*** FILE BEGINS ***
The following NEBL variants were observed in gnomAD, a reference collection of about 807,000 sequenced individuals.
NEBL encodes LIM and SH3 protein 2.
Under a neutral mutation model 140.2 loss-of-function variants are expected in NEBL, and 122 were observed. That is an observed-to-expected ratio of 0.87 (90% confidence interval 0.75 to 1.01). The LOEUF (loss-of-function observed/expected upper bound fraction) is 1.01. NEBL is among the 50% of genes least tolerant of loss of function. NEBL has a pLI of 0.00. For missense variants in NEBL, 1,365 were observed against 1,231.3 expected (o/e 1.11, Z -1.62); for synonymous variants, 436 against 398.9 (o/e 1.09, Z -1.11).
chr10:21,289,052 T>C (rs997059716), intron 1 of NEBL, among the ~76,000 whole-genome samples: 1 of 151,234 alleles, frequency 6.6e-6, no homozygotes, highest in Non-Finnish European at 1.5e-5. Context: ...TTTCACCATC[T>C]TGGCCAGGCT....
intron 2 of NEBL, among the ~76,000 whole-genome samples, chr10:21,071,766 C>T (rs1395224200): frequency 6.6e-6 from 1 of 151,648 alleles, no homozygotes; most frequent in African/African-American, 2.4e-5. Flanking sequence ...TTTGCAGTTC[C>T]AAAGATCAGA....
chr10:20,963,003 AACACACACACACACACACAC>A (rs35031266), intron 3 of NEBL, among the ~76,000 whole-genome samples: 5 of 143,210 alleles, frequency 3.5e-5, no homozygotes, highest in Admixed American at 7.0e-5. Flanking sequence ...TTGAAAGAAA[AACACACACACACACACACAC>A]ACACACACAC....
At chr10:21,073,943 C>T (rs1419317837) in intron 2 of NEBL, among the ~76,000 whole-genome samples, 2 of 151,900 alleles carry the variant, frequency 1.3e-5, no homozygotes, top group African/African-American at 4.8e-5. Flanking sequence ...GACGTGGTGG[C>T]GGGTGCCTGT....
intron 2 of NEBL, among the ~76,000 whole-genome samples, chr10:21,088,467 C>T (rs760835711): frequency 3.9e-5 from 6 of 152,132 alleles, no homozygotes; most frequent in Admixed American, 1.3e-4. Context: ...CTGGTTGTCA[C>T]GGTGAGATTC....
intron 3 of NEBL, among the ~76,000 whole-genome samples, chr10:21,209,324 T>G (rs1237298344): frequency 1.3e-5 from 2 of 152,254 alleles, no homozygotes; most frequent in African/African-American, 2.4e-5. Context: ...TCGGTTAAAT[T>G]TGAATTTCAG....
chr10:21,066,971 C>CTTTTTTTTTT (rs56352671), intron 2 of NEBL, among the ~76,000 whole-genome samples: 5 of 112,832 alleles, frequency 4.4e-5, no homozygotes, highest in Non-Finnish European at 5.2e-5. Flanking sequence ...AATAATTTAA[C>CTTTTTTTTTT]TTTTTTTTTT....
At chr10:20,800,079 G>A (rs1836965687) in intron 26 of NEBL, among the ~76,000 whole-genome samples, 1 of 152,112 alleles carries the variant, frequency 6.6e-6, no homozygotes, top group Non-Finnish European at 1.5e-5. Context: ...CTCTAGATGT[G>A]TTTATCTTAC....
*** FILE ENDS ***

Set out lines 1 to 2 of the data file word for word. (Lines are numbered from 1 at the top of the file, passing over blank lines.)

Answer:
The following NEBL variants were observed in gnomAD, a reference collection of about 807,000 sequenced individuals.
NEBL encodes LIM and SH3 protein 2.